The Physio Rooms Woodvale

Patellofemoral Pain- Knee Cap Pain


What is it?

Patellofemoral term is considered an umbrella term for knee cap pain, or pain related to the knee cap. Despite most commonly being a pain at the front of the knee, it is known to produce pain on the inside, outside, or back of the knee as well. It is also one of the most common knee issues seen by physiotherapists among a wide range of demographics.


What causes it?

As with any injury, patellofemoral pain can have several contributing factors. These factors can be intrinsic, extrinsic, local to the knee, regional to other areas, and of course (and perhaps most importantly) moderated by our central nervous system – our fears, beliefs, past experiences, mental health, and general health.

Let me explain these further!

  1. Intrinsic – internal factors local to the knee:
    • These include issues local to the knee and can be assessed and considered by your physiotherapist.
    • They may include inflammation, bruising, changes to the bone or cartilage, and many other local changes.
  2. Intrinsic – internal factors in surrounding regions:
    • Gluteal weakness or dysfunction
    • Hip posture and stability
    • Tightness in the quads and calves
    • Foot posture, pronation, or instability
    • VMO (inner quad) weakness
    • General quad strength and control
  3. Extrinsic factors – external factors that externally may predispose the onset of patellofemoral pain:
    • Increased uphill/downhill, upstairs/downstairs
    • Squatting
    • Kneeling
    • Running, particularly with hills
    • An increase or change in any above factors
  4. Central nervous system – the part of you that interprets pain and controls your response:
    • Beliefs surrounding knee pain
    • Fear of movement and pain
    • Past experiences with knee pain (or any pain)
    • Anxiety/depression
    • Stress
    • General health



The symptoms and causes of patellofemoral pain vary uniquely between each patient. For some, they may experience pain worse going downstairs, indicating that there is likely an issue of muscle length and muscle control. For someone with pain worse going upstairs, it is more likely there is an issue of strength and range of movement. For someone with pain while sitting, they may need to work muscle length. Our role as physiotherapists is to get a thorough history and assessment, that determines exactly what is both causing and contributing to your knee pain, and guide you through the management that is tailored to you.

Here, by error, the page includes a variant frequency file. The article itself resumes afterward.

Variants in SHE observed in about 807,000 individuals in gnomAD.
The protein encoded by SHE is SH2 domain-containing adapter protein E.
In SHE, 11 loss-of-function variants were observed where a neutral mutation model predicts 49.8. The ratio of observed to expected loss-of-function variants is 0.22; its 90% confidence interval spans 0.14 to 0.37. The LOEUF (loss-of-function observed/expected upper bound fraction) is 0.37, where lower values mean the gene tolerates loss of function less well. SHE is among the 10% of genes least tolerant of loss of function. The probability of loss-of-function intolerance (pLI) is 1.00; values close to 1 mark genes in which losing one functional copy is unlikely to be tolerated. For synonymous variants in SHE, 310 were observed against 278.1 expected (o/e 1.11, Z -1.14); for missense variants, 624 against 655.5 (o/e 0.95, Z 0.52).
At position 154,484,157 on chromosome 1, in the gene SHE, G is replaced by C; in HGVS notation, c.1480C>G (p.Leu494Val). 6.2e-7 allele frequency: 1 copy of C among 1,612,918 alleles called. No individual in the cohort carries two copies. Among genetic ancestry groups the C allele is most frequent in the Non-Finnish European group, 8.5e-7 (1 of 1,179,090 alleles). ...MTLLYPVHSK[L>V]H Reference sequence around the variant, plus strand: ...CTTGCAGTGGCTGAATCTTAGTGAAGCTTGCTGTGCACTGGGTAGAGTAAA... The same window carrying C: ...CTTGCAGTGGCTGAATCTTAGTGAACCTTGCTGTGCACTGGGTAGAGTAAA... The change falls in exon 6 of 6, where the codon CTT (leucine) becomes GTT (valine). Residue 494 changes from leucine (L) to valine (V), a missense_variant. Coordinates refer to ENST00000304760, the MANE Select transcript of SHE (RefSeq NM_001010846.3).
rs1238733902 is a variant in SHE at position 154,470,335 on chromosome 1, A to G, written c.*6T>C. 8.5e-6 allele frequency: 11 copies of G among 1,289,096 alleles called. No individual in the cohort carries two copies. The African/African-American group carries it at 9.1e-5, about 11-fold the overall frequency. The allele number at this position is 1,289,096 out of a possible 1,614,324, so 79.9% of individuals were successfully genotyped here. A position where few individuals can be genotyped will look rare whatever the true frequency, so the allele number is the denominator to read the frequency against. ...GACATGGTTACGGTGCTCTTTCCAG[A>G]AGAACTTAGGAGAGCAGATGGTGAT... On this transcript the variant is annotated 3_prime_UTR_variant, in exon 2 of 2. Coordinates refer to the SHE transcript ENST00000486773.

Physiotherapy intervention:

Believe it or not, the last thing we want to do is hurt you more! Which is exactly why physiotherapy guided management is so important. Patellofemoral pain can be managed in a number of ways, however not all interventions apply to everyone. Some common physiotherapy interventions include:

  • Strengthening exercises to target quads and glutes (again, the exercise can vary depending on the pain)
  • Stretching exercise for tight muscles that may place extra tension on the knee (quadriceps, calves)
  • Activation of muscles that may not be firing correctly, or may be delayed in the onset of activity (such as glutes or VMO)
  • Exercises to focus on stability and control – including through the hip and ankle, alongside the knee
  • Assist with return to specific requirements for work, sport or physical activity


Crepitus – noisy knees!

It always is worth mentioning that creaky, clicky or crunchy knees does not mean your knees are a problem. In fact, researchers have found that there is no link between crepitus/noisy knees and pain, function, or ability to do physical activity. More commonly, the presence of crepitus has a larger impact on a person’s psyche – they are more likely to feel fearful, apprehensive, avoidant and catastrophise the issue. It’s important to note that crepitus is a completely normal phenomena that has no impact on function.

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2 Lyell Grove, WOODVALE WA 6026

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Working hours:

Monday to Friday: 8am to 7pm

Saturday: 8am to 12pm

Sunday & Holidays: Closed

Working hours:

Monday to Friday:
8am to 7pm

8am to 12pm

Sunday & Holidays: Closed